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Alberta’s big three research universities are extending online learning because the Omicron variant of COVID-19 is spreading rapidly.

The University of Alberta, the University of Calgary and the University of Lethbridge say virtual classes will continue for another six weeks.

Students who have been online since their return from the holiday break are to go back to their campuses on Feb. 28.

The schools say data shows that Omicron cases continue to rise and won’t peak until late this month or early February, making it prudent to extend online classes.

“Thus far, this variant has led to fewer hospitalizations than previous variants, but it is very contagious,” University of Calgary president Ed McCauley said in a statement Friday on the school’s website.

“Our decision to temporarily hold off on returning to in-person teaching and learning will allow the University of Calgary to play its part in reducing the spread.”

All three universities will remain open, but with physical distancing and other COVID-19-related health rules in place.

“Fewer people on our campuses means greater physical space for those who must complete their work and learning activities in-person,” said University of Alberta president Bill Flanagan in a statement.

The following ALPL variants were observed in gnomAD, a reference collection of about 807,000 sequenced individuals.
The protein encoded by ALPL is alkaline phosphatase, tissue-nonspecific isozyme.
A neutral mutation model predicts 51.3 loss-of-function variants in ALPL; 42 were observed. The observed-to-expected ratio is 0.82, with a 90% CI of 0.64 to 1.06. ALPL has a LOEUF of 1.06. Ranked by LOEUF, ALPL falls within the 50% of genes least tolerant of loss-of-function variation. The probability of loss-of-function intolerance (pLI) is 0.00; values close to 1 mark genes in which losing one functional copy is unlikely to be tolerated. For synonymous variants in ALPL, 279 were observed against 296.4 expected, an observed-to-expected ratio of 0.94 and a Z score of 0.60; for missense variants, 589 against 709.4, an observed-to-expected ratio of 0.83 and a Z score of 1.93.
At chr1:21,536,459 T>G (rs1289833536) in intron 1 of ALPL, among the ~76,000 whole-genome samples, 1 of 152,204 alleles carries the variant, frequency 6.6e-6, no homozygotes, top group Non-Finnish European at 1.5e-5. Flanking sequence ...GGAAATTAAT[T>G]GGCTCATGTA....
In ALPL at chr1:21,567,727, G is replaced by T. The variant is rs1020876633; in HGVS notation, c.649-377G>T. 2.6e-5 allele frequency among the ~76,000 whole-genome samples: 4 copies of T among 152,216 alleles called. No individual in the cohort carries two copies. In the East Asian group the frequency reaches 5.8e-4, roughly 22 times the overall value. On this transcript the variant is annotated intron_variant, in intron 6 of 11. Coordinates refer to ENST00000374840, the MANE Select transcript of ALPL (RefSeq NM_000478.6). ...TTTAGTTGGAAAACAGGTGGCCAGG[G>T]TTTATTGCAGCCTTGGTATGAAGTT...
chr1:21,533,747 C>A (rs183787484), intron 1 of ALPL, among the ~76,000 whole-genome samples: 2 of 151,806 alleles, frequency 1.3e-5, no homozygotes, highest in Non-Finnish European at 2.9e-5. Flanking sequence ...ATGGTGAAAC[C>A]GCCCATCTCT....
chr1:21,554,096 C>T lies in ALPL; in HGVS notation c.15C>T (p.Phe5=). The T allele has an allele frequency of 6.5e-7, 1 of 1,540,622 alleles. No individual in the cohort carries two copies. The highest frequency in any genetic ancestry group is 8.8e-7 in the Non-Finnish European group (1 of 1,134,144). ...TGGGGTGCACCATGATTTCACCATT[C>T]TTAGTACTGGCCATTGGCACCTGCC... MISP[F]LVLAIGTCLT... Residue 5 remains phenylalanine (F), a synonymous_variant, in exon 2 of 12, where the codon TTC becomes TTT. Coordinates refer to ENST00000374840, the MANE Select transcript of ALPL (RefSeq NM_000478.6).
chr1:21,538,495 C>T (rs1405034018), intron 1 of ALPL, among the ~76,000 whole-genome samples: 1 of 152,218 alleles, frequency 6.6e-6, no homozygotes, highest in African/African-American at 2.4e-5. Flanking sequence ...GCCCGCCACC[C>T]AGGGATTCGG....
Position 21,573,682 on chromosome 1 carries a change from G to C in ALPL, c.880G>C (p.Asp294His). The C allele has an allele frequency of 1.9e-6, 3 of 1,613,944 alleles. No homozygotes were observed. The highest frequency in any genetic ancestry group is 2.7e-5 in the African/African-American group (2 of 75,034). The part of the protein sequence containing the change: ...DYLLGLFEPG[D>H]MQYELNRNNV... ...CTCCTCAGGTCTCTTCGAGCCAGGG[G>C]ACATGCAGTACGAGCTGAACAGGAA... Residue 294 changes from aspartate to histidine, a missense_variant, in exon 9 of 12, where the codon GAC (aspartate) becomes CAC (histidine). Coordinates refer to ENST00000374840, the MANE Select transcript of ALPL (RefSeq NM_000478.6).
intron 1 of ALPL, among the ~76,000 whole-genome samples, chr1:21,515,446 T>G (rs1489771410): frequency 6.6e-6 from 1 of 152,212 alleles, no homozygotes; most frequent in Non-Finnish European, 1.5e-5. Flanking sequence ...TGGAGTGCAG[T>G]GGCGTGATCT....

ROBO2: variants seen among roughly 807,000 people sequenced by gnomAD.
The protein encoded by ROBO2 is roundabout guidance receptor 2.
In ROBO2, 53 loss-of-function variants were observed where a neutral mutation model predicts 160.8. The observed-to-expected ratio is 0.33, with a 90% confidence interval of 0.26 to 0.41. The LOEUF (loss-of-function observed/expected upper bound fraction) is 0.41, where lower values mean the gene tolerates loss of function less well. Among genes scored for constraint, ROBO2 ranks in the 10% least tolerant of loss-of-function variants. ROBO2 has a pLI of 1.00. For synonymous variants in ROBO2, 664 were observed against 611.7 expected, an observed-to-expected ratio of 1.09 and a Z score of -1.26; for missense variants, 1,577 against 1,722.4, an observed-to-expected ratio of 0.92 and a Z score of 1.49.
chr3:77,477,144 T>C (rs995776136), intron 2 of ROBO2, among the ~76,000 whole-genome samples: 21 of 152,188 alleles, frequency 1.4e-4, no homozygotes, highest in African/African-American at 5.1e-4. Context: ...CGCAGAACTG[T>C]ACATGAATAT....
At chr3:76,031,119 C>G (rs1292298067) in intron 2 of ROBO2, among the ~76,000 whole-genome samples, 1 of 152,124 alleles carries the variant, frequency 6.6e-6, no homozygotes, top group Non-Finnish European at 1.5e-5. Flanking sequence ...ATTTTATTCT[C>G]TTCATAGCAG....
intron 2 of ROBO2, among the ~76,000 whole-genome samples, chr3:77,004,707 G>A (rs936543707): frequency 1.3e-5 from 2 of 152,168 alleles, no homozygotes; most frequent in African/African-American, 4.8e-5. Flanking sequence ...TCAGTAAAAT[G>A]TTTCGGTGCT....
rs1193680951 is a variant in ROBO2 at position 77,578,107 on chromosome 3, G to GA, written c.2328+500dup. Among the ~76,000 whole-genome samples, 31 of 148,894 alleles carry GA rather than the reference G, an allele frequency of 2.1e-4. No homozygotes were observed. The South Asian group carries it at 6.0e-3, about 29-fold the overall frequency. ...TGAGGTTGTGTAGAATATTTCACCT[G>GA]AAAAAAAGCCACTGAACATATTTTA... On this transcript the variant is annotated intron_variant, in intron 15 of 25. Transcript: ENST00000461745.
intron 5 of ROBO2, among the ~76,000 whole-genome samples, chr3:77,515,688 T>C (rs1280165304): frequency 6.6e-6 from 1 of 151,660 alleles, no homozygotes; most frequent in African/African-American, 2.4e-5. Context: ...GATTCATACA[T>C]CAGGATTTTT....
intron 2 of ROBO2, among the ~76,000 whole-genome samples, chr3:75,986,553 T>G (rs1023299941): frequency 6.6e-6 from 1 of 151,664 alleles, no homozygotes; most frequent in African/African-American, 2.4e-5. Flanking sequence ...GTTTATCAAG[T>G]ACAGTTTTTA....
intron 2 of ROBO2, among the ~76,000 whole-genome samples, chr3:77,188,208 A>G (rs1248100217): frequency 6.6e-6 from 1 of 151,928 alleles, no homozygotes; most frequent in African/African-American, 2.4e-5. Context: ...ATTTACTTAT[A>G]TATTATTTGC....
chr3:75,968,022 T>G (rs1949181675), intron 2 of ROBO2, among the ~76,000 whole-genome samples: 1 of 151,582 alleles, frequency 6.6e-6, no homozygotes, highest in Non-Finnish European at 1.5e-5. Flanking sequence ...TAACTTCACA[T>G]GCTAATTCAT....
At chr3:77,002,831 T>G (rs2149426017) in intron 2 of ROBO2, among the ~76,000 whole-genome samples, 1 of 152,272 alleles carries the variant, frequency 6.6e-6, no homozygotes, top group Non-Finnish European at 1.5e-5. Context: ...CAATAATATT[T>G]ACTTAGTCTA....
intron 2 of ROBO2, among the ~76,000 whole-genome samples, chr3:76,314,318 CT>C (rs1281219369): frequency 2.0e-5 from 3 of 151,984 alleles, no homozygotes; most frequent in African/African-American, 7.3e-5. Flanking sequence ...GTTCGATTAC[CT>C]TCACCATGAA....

“It also means fewer points for close contact, which ensures that we keep the community as safe as possible while maintaining key in-person courses as well as critical operations and services.

“Our announcement today is a commitment to return to campus, at the right time.”

The Opposition NDP says Premier Jason Kenney’s United Conservative government must take responsibility for not providing the resources all schools needed to prepare for Omicron, including high-quality N95 masks, rapid tests, air quality audits and upgrades.

“The burden of making these important health decisions continues to fall onto the schools after the UCP cut their budgets by $690-million,” said NDP advanced education critic David Eggen.

“The UCP refuses to support these universities, colleges, and polytechnics through the pandemic, and it is students, staff and faculty who are paying the price for the UCP’s negligence.”

Alberta has close to 63,000 active COVID-19 cases, the highest ever during the pandemic.

Dr. Deena Hinshaw, the province’s chief medical officer of health, says the actual number is likely 10 times that number, given that testing can no longer keep up with the sheer volume of COVID-19 cases.

Alberta’s test positivity rate was at almost 41 per cent.

There were 786 people in hospital with the illness, including 79 in intensive care as of Thursday.

Hinshaw has said data shows those who are immunized are less likely to require critical care, but cautioned Omicron still has the potential to swamp hospitals with patients and buckle the health system.

Alberta kindergarten to Grade 12 students went back to in-person learning this week after a week-long extension of the winter break to prepare for Omicron.

Schools are receiving extra masks and rapid test kits, but Kenney said Thursday that shipments of millions of tests from the federal government are delayed with no new delivery date set.

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